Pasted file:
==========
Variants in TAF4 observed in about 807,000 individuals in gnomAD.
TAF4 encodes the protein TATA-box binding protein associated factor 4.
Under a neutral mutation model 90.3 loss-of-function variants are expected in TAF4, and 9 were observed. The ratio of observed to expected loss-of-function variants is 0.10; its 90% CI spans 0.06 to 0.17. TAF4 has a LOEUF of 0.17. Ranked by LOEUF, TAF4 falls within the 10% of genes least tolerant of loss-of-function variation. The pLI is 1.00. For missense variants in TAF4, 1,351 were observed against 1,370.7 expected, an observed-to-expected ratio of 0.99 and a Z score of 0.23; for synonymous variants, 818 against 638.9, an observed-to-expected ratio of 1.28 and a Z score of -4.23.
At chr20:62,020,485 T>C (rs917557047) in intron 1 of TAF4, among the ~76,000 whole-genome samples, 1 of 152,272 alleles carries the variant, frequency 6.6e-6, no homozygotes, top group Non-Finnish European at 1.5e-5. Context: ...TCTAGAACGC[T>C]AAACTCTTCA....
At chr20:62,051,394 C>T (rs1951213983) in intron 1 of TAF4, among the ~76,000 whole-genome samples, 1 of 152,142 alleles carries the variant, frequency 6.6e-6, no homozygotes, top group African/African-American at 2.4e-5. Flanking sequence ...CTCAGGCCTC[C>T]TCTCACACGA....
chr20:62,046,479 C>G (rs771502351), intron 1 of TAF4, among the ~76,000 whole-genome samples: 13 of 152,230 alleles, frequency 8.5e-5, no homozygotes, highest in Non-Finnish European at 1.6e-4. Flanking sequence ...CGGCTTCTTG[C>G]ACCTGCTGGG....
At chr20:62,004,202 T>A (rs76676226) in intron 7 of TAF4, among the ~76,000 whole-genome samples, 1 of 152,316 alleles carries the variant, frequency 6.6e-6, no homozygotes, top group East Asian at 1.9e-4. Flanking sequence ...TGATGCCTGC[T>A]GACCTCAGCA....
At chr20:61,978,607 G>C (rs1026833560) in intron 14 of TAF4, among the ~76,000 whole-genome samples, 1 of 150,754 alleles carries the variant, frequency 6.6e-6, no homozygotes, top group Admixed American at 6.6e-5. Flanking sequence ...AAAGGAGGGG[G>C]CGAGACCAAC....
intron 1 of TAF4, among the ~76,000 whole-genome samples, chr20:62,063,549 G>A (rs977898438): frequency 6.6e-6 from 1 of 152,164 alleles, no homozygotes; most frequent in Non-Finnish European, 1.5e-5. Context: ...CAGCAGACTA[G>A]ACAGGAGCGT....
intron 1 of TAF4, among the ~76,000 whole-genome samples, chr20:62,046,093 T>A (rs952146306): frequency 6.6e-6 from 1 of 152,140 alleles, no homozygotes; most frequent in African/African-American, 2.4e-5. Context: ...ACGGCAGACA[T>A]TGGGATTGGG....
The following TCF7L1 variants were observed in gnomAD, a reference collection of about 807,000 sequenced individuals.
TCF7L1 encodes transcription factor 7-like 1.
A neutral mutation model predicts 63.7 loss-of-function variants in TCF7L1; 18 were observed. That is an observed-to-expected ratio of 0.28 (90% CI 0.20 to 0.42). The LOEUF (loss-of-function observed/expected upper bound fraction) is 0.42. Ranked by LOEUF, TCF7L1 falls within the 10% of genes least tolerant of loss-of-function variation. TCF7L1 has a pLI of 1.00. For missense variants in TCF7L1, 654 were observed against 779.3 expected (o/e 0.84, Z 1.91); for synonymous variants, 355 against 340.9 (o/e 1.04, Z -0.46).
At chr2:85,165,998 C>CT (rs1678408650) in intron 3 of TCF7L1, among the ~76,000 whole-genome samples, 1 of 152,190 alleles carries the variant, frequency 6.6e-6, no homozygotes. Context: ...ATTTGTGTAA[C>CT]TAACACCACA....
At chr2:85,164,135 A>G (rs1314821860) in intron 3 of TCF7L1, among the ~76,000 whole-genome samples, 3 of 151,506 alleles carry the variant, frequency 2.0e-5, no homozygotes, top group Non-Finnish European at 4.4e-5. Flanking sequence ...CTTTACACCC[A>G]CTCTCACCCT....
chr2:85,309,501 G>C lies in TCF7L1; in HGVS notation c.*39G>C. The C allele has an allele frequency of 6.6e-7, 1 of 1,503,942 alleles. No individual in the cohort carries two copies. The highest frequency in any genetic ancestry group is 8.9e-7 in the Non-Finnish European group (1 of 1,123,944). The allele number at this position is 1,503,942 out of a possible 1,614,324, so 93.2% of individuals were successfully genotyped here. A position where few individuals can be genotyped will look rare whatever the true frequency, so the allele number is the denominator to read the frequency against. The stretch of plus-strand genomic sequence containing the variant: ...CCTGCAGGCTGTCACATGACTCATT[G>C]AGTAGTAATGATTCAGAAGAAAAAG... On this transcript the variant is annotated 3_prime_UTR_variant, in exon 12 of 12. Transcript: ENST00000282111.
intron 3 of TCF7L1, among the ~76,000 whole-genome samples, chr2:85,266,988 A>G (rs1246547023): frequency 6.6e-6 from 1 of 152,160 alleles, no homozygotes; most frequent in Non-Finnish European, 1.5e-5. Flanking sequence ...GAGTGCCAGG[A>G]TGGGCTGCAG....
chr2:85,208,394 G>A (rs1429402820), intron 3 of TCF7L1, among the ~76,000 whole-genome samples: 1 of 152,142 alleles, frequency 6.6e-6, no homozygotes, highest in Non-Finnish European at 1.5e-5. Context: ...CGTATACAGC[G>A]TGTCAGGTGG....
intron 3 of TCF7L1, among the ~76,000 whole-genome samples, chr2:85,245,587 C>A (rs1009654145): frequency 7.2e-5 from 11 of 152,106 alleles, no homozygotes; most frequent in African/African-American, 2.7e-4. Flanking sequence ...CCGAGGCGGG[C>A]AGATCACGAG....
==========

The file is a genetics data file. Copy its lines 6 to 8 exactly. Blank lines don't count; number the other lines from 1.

chr20:62,046,479 C>G (rs771502351), intron 1 of TAF4, among the ~76,000 whole-genome samples: 13 of 152,230 alleles, frequency 8.5e-5, no homozygotes, highest in Non-Finnish European at 1.6e-4. Flanking sequence ...CGGCTTCTTG[C>G]ACCTGCTGGG....
At chr20:62,004,202 T>A (rs76676226) in intron 7 of TAF4, among the ~76,000 whole-genome samples, 1 of 152,316 alleles carries the variant, frequency 6.6e-6, no homozygotes, top group East Asian at 1.9e-4. Flanking sequence ...TGATGCCTGC[T>A]GACCTCAGCA....
At chr20:61,978,607 G>C (rs1026833560) in intron 14 of TAF4, among the ~76,000 whole-genome samples, 1 of 150,754 alleles carries the variant, frequency 6.6e-6, no homozygotes, top group Admixed American at 6.6e-5. Flanking sequence ...AAAGGAGGGG[G>C]CGAGACCAAC....